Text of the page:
By: Rodreck Matsveru
The name Tongai Moyo brings memories of a glamorous and flashy sungura artist who also had a rhumba flavor in his sound. The other striking thing that comes to mind upon hearing the name Tongai Moyo is a set of flashy dancers who had these awesome dancing styles.
When I heard that one of his sons had just released a new song which is in the spotlight, I thought of the same old scenarios when kids inherit an already built and quite successful empire. I never thought that there would be something extraordinary about this upcoming artist. My assumptions about Tongai Junior were further supported by what I first encountered one day as I was going through the press; it said that Ronnie Mudhindo, a former band member of his father’s band has helped Tongai Junior in reviving his father’s legacy. As someone who had made up his mind, I did not bother myself to continue reading about this guy.
All this was proven wrong when I got a chance to chat with the young Dhewa. The man has a touching and inspiring story. At one point he had to live in the streets, worked as an assistant builder, selling pit sand, and getting into dancehall music before making it to the spotlight. Some of the challenges he managed to overcome are quite unbelievable.
Who is Obert Tongai Junior Moyo?
Well, some might be asking who this Obert Tongai Junior Moyo is. A lot of people who follow sungura music have heard about Tongai Dhewa’s son that is Peter Moyo, he is not the only son of Tongai Dhewa Moyo the late, there is also Obert Tongai Junior, who just turned 23 on the 4th of March this year. He was born and grew up in Kwekwe in his early childhood. Unfortunately, due to challenges the family encountered after the death of his father, he relocated to Harare where he finished his O- level studies. As of last year, he entered the music industry where he sees himself as an international star in the making.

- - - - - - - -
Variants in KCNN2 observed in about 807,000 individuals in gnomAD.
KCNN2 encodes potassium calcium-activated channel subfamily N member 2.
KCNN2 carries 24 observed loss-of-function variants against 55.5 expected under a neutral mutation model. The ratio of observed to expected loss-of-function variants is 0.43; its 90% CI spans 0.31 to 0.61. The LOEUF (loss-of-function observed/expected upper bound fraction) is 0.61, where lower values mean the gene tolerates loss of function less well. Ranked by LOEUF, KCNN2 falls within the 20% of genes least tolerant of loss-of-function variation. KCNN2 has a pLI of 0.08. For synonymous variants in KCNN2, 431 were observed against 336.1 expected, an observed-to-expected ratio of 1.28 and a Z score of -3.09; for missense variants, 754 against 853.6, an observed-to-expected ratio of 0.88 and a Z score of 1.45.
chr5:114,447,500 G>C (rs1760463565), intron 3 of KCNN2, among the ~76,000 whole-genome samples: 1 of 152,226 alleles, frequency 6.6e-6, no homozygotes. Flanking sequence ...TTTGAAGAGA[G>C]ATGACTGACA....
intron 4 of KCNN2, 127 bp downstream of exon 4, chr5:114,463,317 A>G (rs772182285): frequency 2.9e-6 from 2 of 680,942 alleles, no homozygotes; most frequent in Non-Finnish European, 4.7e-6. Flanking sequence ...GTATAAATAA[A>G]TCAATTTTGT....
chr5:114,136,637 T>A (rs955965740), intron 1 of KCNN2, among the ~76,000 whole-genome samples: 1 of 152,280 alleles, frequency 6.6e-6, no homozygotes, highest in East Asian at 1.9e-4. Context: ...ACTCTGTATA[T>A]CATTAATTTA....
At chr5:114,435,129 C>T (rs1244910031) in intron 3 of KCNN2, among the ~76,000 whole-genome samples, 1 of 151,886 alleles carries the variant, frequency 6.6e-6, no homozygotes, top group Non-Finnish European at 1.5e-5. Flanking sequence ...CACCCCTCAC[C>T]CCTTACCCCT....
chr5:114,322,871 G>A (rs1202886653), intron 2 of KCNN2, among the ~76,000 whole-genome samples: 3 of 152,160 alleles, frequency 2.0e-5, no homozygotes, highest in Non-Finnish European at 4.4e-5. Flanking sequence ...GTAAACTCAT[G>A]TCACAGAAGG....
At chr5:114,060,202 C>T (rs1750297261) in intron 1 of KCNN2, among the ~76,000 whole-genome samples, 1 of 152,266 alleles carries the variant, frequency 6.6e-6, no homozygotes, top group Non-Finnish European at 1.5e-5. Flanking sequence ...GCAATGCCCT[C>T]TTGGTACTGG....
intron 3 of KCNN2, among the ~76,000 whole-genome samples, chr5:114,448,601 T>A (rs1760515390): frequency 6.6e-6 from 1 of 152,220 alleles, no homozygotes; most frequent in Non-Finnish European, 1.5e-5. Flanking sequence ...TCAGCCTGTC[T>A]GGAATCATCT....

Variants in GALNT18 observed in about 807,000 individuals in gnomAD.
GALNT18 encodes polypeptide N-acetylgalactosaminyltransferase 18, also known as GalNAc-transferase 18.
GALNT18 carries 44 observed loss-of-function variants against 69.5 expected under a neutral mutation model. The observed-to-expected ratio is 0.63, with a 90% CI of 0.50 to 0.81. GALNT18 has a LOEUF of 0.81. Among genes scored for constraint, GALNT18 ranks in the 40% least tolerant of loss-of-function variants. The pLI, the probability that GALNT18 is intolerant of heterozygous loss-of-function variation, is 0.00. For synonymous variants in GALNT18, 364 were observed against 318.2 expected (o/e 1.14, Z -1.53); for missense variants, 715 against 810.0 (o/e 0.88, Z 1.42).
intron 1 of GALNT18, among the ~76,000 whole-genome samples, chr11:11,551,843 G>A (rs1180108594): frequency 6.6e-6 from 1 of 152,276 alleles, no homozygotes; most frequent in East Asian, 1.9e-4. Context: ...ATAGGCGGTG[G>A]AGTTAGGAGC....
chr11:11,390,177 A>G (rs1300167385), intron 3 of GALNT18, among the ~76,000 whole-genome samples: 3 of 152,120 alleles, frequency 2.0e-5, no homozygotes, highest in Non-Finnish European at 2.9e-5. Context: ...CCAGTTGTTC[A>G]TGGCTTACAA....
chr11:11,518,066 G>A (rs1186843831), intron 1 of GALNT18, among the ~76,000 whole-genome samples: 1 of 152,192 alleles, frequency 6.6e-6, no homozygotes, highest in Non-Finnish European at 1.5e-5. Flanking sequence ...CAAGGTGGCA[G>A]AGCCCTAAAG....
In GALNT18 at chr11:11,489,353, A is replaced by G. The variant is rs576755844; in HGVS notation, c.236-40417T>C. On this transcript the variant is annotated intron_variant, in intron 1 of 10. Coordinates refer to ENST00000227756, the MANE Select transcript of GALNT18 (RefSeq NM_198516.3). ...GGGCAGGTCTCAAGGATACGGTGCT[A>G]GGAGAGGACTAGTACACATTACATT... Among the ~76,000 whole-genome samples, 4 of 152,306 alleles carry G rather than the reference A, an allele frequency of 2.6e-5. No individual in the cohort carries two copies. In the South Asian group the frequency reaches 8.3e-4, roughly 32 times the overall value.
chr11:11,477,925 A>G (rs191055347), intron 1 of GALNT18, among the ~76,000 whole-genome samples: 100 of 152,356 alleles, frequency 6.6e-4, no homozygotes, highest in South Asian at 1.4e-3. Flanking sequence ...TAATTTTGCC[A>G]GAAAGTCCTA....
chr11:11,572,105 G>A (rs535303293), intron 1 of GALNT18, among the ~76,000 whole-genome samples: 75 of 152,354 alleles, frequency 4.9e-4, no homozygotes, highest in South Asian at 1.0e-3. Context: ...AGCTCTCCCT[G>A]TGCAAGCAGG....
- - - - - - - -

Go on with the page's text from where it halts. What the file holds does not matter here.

Early life Challenges
In an interview with him three weeks ago, Tongai Junior said after the passing of my father we stayed under the care and welfare of my brother but the rosy life did not last as disputes grew among me and my brother, it did not take days until I found myself in the streets for a month’
“Other family members took me to the rural areas to stay with my grandmother, Gogo Chihera, the relatives from my mother’s side took me to Harare so that I complete my O- levels,” said Tongai Moyo Junior.
Upon completing O-level Tongai Moyo Junior found himself doing menial jobs starting with offloading sacks at Metro Peech and Brown Wholesalers, to becoming an Assistant Builder (“Dhaka boy” and selling river sand,). When I finished my O- level I went to work at Metro Peech offloading mealie meal sacks due to cash shortages we were stopped, I became a building assistant (Dhaka Boy, I also learnt how to build houses in Harare, later on, I started selling sending (Jecha Bonga as they say it).
I ventured into dancehall music where I learned studio operations in 2016 and then relocated to South Africa where I got into construction again.
The Music Journey
Music has always been in my blood, in 2016 when I did collaborate with Brian Samaita titled “Dhewa Vedu”, it got some airplay and this motivated me to get into the music industry. Having gone through a lot of suffering in life at an early stage, I did not want to go back to a life of poverty again.
“Having suffered for almost three-quarters of my life keeps me going on. My family, my fans, and the support I get from them inspires me a lot”, said Tongai Junior. Also, Tongai said he gets inspiration from his mother and grandmother, “My mother and my grandmother Gogo Chihera have encouraged and are always encouraging me to go an extra mile to prove my worth of the name Tongai Moyo.”
In 2020 he recorded a song titled Cain and Abel which he said, sounded controversial as many people thought he was referring to his big brother Peter when he was emphasizing the importance of unity in the family setting.
The song was nominated for the ZIMA Awards in a category in which the award was won by Nicholas Zachariah, also the song made it to number 15 on the radio Zimbabwe to 50 songs of the year 2020.
Tongai sees himself becoming an international star by the year 2030 he said he is moving within the timeline of the nation ‘s Vision 2030.’’ In terms of the vision, I am moving with the same target of the nation 2030, In 2030 I will be an international star, I have strategies that I am employing, my fans, the makorokoza depot, and everyone who follows us, are not going to regret’’